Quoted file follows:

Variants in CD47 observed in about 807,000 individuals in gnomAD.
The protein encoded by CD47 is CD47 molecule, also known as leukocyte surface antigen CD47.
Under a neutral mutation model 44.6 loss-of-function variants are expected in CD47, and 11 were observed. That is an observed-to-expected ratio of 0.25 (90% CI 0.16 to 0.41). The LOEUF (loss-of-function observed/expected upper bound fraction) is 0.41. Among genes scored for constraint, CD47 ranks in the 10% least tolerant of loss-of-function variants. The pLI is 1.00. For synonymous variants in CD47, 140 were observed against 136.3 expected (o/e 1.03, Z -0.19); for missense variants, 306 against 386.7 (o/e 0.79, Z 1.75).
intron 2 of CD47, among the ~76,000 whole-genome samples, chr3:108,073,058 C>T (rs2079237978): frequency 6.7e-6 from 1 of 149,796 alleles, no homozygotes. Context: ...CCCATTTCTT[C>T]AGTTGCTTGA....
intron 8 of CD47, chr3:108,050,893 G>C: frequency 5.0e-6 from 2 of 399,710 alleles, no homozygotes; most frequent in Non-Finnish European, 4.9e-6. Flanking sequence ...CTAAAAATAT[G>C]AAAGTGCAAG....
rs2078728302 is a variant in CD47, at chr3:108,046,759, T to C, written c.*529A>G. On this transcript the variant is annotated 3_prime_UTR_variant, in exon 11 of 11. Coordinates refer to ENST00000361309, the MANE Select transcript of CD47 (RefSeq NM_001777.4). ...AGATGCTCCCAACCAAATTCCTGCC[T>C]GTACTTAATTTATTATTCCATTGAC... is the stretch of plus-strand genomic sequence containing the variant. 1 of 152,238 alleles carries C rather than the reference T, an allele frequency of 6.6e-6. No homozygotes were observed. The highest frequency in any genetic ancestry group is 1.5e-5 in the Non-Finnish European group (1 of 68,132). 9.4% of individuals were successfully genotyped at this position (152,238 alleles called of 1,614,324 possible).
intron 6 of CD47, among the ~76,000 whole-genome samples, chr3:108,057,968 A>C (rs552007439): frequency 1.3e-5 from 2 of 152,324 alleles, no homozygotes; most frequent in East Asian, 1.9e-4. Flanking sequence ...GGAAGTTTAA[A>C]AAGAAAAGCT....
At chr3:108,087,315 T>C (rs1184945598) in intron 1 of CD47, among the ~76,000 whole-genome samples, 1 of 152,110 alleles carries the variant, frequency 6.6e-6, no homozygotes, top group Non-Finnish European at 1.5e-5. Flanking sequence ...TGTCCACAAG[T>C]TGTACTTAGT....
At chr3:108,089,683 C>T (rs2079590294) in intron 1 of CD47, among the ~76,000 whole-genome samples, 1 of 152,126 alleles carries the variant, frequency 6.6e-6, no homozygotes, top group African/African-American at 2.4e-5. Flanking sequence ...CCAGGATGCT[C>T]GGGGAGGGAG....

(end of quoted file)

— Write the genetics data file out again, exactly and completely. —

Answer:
Variants in CD47 observed in about 807,000 individuals in gnomAD.
The protein encoded by CD47 is CD47 molecule, also known as leukocyte surface antigen CD47.
Under a neutral mutation model 44.6 loss-of-function variants are expected in CD47, and 11 were observed. That is an observed-to-expected ratio of 0.25 (90% CI 0.16 to 0.41). The LOEUF (loss-of-function observed/expected upper bound fraction) is 0.41. Among genes scored for constraint, CD47 ranks in the 10% least tolerant of loss-of-function variants. The pLI is 1.00. For synonymous variants in CD47, 140 were observed against 136.3 expected (o/e 1.03, Z -0.19); for missense variants, 306 against 386.7 (o/e 0.79, Z 1.75).
intron 2 of CD47, among the ~76,000 whole-genome samples, chr3:108,073,058 C>T (rs2079237978): frequency 6.7e-6 from 1 of 149,796 alleles, no homozygotes. Context: ...CCCATTTCTT[C>T]AGTTGCTTGA....
intron 8 of CD47, chr3:108,050,893 G>C: frequency 5.0e-6 from 2 of 399,710 alleles, no homozygotes; most frequent in Non-Finnish European, 4.9e-6. Flanking sequence ...CTAAAAATAT[G>C]AAAGTGCAAG....
rs2078728302 is a variant in CD47, at chr3:108,046,759, T to C, written c.*529A>G. On this transcript the variant is annotated 3_prime_UTR_variant, in exon 11 of 11. Coordinates refer to ENST00000361309, the MANE Select transcript of CD47 (RefSeq NM_001777.4). ...AGATGCTCCCAACCAAATTCCTGCC[T>C]GTACTTAATTTATTATTCCATTGAC... is the stretch of plus-strand genomic sequence containing the variant. 1 of 152,238 alleles carries C rather than the reference T, an allele frequency of 6.6e-6. No homozygotes were observed. The highest frequency in any genetic ancestry group is 1.5e-5 in the Non-Finnish European group (1 of 68,132). 9.4% of individuals were successfully genotyped at this position (152,238 alleles called of 1,614,324 possible).
intron 6 of CD47, among the ~76,000 whole-genome samples, chr3:108,057,968 A>C (rs552007439): frequency 1.3e-5 from 2 of 152,324 alleles, no homozygotes; most frequent in East Asian, 1.9e-4. Flanking sequence ...GGAAGTTTAA[A>C]AAGAAAAGCT....
At chr3:108,087,315 T>C (rs1184945598) in intron 1 of CD47, among the ~76,000 whole-genome samples, 1 of 152,110 alleles carries the variant, frequency 6.6e-6, no homozygotes, top group Non-Finnish European at 1.5e-5. Flanking sequence ...TGTCCACAAG[T>C]TGTACTTAGT....
At chr3:108,089,683 C>T (rs2079590294) in intron 1 of CD47, among the ~76,000 whole-genome samples, 1 of 152,126 alleles carries the variant, frequency 6.6e-6, no homozygotes, top group African/African-American at 2.4e-5. Flanking sequence ...CCAGGATGCT[C>T]GGGGAGGGAG....